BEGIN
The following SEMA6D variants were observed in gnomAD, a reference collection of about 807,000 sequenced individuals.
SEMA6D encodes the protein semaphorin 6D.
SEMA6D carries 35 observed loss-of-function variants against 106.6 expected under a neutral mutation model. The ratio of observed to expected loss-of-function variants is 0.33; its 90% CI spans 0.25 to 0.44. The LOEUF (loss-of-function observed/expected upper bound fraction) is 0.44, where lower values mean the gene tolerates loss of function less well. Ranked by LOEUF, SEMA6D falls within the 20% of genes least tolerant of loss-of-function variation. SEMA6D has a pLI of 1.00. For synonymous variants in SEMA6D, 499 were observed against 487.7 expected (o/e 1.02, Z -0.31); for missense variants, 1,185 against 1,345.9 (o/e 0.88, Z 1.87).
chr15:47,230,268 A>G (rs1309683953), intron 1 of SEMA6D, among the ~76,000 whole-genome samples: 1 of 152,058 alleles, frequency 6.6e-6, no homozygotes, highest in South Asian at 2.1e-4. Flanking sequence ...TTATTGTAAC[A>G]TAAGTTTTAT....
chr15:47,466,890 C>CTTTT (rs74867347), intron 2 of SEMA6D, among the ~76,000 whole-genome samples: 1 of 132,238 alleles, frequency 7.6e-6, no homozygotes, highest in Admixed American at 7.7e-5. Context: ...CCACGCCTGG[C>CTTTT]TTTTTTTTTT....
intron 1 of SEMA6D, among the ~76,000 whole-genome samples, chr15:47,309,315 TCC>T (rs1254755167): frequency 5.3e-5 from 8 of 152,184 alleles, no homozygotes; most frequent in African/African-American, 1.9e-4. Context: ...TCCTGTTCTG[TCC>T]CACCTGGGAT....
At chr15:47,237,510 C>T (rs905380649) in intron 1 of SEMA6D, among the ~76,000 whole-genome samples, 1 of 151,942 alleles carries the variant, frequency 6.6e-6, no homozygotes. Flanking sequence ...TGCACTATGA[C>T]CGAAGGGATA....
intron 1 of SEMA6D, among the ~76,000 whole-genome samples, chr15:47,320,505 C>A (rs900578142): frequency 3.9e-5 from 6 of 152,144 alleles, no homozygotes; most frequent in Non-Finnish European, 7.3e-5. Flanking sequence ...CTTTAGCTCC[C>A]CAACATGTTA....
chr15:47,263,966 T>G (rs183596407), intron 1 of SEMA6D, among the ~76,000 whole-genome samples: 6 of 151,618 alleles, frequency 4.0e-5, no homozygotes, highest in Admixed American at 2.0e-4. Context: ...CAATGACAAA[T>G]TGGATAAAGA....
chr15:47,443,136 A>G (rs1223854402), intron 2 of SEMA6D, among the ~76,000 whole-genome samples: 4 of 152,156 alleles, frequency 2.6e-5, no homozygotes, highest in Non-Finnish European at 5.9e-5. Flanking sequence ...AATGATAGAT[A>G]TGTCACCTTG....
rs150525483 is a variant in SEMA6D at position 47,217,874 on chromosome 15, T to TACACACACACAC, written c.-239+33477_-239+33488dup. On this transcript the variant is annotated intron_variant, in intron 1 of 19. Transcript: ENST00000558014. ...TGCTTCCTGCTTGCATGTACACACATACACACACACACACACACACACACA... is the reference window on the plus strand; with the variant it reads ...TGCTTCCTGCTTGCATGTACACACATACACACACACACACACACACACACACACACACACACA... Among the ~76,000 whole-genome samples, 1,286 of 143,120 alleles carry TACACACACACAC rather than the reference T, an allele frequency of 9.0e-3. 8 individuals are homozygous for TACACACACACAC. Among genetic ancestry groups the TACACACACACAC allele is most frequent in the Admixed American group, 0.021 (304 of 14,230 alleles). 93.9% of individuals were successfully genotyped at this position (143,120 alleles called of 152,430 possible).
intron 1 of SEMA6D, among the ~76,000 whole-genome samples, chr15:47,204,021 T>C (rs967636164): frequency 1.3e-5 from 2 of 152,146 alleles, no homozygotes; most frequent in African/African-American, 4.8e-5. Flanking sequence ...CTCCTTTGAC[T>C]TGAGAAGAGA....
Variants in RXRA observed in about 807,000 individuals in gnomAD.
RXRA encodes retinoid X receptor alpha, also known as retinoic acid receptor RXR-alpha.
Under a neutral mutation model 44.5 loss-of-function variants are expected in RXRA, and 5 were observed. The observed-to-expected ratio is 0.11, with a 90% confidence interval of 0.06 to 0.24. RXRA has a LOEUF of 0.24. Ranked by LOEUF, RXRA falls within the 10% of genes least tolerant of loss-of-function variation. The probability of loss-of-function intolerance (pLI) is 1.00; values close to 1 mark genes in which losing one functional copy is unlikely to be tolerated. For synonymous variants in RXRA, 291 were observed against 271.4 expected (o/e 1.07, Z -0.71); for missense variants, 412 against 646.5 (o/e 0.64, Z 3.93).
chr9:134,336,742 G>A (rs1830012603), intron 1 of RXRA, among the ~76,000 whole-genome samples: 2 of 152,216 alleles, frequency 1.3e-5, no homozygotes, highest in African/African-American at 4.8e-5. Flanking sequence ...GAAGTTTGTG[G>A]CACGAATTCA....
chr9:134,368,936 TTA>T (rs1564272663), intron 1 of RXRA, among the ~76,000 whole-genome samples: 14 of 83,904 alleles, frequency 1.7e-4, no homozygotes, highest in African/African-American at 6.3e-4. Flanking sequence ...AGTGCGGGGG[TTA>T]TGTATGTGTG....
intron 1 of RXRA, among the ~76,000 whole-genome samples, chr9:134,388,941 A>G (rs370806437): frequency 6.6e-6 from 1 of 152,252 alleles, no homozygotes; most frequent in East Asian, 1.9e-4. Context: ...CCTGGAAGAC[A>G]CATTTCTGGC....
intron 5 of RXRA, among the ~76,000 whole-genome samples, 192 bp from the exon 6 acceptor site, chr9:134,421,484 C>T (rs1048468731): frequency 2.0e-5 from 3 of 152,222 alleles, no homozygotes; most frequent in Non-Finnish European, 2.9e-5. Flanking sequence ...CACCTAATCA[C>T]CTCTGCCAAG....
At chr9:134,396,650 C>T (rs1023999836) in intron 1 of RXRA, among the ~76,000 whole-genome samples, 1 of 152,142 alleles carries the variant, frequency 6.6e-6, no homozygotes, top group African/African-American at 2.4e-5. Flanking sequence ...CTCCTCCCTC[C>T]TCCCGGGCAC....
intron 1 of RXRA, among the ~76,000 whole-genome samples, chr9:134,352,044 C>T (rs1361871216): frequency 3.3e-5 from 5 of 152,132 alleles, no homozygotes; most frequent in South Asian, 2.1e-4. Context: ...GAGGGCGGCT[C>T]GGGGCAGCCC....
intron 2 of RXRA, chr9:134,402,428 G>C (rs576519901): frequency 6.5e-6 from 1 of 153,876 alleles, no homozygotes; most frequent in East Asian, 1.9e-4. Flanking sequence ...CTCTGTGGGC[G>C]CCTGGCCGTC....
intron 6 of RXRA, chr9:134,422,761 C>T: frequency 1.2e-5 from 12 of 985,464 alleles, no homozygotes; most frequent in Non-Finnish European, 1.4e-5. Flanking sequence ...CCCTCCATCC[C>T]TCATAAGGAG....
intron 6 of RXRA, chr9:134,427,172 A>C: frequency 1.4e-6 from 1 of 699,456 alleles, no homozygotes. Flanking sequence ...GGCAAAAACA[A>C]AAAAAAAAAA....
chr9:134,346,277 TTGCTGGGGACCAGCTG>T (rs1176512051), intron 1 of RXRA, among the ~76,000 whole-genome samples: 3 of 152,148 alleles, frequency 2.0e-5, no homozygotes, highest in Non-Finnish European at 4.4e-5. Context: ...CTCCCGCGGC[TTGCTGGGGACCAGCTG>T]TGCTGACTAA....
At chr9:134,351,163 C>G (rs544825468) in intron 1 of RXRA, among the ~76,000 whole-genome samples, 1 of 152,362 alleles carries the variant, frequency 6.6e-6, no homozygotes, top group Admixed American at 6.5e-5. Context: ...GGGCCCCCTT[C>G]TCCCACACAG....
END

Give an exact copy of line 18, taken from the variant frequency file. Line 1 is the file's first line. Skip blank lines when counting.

intron 1 of RXRA, among the ~76,000 whole-genome samples, chr9:134,388,941 A>G (rs370806437): frequency 6.6e-6 from 1 of 152,252 alleles, no homozygotes; most frequent in East Asian, 1.9e-4. Context: ...CCTGGAAGAC[A>G]CATTTCTGGC....